Soaring energy and food prices bring instability to European hospitality
Gas and electricity prices have reached record levels in 2022 and are expected to remain high.
The current situation – caused by the increase in food prices, labour costs, labour shortages, and high inflation – is producing a climate of unpredictability and fear of recession in the hospitality sector, which is still in the phase of recovery.
With the aim of tackling the high energy prices, on 14 September, the Commission proposed a Council Regulation (COM (2022) 473 final). Overall, the initiative includes the following points:
- Obligation to reduce electricity consumption by at least 5% during selected peak price hours, in order to reduce consumption.
- A temporary revenue cap on ‘inframarginal’ electricity producers, targeting technologies with lower costs, set at €180/MWh.
- A temporary solidarity contribution on excess profits generated from activities in the oil, gas, coal and refinery sectors.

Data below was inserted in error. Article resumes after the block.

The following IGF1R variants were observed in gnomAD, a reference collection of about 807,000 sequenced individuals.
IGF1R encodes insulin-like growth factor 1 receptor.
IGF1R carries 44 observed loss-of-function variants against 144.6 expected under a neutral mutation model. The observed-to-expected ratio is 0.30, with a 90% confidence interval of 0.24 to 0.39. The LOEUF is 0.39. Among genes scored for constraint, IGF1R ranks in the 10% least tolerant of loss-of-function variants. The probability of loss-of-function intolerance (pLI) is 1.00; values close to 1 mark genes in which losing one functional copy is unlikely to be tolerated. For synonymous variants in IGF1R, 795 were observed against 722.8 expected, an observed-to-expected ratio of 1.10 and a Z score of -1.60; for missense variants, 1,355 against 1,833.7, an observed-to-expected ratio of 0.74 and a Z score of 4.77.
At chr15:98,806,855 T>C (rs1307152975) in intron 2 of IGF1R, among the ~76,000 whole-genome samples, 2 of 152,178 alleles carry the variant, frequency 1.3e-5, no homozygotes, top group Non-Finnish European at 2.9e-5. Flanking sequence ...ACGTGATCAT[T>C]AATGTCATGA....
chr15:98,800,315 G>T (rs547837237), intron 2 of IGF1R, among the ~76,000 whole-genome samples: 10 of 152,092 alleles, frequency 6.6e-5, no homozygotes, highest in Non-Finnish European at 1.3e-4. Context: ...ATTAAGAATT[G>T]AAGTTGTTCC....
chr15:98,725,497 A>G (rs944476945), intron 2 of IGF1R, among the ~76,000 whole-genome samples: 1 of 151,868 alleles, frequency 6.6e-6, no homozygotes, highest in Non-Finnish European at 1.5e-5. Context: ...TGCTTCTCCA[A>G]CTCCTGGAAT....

- Demand reduction targets:
- Member States to reduce their gross electricity consumption by at least 5% during certain peak hours (binding target).
- Member States to put in place measures (information and communication campaigns, calls for tender, financial incentives, etc.). to reduce their overall electricity consumption by at least 10% by 31 March 2023 (indicative target).
- Setting up a European hydrogen bank.
- Revision of the EU’s internal electricity market rules with a view to presenting a legislative proposal in early 2023.
As the idea of a gas price cap is currently diving the Member States, a working group counting with the participation of the Commission, Member States and Norway will be established. It is currently unpredictable if legislation will be issued on the topic.
It is now up to the Council to analyse and decide on the Council Regulation (the next meeting is scheduled for 30 September 2022).
HOTREC calls on the EU institutions to act in a coordinated way, in order to save businesses, especially SMEs. There is a need to decrease energy prices and allow companies to access energy supplies. Only in this way the hospitality sector can continue its activities and aim at being more energy efficient.